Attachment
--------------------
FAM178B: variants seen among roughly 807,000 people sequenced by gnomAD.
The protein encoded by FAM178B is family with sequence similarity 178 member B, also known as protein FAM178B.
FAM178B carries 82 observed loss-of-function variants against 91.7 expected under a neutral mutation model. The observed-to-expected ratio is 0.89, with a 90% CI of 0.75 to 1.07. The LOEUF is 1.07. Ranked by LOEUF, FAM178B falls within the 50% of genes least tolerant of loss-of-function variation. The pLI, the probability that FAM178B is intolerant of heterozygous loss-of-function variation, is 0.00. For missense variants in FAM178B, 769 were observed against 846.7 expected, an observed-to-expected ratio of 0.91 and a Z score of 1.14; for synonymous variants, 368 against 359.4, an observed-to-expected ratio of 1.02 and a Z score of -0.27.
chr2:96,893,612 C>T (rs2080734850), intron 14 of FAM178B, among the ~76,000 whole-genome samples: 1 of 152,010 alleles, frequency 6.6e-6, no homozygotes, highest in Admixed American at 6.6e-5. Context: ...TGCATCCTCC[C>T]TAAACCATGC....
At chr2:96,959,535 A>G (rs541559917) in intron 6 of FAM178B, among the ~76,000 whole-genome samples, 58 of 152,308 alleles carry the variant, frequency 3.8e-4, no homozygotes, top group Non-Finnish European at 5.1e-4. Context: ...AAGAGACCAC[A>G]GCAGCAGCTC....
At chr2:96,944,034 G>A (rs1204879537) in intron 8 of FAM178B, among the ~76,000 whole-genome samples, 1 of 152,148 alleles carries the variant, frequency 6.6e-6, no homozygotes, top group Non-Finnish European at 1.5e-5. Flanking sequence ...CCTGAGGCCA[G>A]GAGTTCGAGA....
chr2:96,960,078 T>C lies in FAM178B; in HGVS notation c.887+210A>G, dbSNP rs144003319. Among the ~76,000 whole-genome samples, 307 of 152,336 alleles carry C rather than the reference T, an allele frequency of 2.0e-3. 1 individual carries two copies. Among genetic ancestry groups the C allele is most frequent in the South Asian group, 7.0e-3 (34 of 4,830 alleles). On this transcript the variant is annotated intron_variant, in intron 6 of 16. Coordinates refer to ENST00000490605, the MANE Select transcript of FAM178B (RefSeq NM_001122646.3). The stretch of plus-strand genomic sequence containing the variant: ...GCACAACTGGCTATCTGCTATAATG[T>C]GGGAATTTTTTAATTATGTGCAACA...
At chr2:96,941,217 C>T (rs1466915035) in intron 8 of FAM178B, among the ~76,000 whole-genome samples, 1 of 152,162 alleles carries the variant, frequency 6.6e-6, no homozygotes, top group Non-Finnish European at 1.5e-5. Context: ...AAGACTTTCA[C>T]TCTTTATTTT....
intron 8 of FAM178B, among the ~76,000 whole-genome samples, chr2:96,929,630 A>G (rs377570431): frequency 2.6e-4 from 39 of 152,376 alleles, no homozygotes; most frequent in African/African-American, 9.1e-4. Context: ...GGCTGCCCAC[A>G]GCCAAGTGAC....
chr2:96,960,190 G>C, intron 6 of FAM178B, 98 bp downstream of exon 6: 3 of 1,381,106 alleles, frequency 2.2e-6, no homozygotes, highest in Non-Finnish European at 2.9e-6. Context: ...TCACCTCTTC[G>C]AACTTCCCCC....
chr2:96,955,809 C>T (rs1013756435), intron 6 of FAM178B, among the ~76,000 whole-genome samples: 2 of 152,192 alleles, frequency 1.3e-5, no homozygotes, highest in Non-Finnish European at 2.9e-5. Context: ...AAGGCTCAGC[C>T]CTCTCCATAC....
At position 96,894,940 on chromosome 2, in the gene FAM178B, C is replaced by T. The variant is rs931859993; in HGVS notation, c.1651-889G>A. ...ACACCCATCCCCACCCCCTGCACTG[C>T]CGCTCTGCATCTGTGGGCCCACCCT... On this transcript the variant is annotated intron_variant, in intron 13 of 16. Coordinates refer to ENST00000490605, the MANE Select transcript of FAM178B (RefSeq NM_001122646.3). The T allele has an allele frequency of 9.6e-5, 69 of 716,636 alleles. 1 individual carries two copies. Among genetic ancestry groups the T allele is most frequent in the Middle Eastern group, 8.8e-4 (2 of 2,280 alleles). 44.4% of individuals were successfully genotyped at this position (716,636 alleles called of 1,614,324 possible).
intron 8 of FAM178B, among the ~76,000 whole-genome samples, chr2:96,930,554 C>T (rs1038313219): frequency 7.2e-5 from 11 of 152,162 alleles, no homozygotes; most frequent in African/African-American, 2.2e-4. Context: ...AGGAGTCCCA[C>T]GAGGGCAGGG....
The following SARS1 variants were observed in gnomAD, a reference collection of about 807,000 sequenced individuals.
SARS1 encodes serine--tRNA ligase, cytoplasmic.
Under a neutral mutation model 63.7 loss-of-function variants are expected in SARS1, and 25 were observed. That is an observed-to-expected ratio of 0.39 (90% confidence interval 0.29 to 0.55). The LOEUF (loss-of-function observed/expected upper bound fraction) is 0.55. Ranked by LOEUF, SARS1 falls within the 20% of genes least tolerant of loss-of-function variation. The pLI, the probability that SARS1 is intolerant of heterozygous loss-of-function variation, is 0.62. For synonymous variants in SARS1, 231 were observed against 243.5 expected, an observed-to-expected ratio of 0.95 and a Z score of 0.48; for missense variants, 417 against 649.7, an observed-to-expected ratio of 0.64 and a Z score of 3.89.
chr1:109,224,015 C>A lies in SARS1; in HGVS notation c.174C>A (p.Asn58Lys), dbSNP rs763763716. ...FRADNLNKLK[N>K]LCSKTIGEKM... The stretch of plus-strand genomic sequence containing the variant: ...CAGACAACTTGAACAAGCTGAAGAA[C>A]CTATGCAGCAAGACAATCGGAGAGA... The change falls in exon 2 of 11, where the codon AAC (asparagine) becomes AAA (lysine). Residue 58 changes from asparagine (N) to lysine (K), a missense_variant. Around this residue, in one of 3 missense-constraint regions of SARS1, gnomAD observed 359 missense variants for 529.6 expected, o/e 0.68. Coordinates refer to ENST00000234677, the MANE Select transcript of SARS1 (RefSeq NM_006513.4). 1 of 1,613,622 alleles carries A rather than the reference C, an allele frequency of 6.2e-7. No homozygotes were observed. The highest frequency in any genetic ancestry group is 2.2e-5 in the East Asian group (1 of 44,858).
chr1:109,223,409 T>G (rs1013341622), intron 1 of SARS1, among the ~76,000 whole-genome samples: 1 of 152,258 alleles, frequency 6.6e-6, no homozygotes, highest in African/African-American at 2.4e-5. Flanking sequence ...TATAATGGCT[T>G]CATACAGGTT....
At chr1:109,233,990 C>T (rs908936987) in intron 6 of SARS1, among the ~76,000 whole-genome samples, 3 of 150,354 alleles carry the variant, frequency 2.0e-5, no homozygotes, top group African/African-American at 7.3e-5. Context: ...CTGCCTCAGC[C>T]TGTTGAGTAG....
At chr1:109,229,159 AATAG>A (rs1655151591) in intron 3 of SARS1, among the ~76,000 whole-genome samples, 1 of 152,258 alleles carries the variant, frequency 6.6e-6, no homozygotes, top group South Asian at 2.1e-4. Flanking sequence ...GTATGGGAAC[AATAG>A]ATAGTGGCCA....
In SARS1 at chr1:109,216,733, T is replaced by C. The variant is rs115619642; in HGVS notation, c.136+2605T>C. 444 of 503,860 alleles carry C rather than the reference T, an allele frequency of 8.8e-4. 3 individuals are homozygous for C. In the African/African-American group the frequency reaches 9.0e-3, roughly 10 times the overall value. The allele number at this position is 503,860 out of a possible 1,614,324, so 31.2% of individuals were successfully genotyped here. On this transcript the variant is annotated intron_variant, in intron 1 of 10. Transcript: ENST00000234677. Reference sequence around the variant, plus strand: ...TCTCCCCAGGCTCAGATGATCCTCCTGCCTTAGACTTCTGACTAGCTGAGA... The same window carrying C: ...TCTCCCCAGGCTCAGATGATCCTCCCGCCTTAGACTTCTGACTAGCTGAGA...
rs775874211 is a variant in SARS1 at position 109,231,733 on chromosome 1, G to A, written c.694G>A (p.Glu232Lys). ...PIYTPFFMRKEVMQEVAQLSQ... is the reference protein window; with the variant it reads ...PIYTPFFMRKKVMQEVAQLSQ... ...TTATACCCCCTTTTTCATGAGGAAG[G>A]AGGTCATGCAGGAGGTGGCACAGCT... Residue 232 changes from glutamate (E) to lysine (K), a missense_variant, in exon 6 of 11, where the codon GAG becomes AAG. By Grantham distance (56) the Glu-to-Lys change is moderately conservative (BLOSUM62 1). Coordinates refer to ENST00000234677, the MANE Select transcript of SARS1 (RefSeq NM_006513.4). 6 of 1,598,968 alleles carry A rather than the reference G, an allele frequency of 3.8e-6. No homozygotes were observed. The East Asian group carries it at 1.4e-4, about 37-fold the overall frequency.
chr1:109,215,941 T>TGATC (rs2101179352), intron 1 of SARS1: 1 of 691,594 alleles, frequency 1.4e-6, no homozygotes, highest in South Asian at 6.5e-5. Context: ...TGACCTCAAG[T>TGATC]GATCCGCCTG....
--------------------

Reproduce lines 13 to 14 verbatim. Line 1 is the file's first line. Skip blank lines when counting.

intron 8 of FAM178B, among the ~76,000 whole-genome samples, chr2:96,930,554 C>T (rs1038313219): frequency 7.2e-5 from 11 of 152,162 alleles, no homozygotes; most frequent in African/African-American, 2.2e-4. Context: ...AGGAGTCCCA[C>T]GAGGGCAGGG....
The following SARS1 variants were observed in gnomAD, a reference collection of about 807,000 sequenced individuals.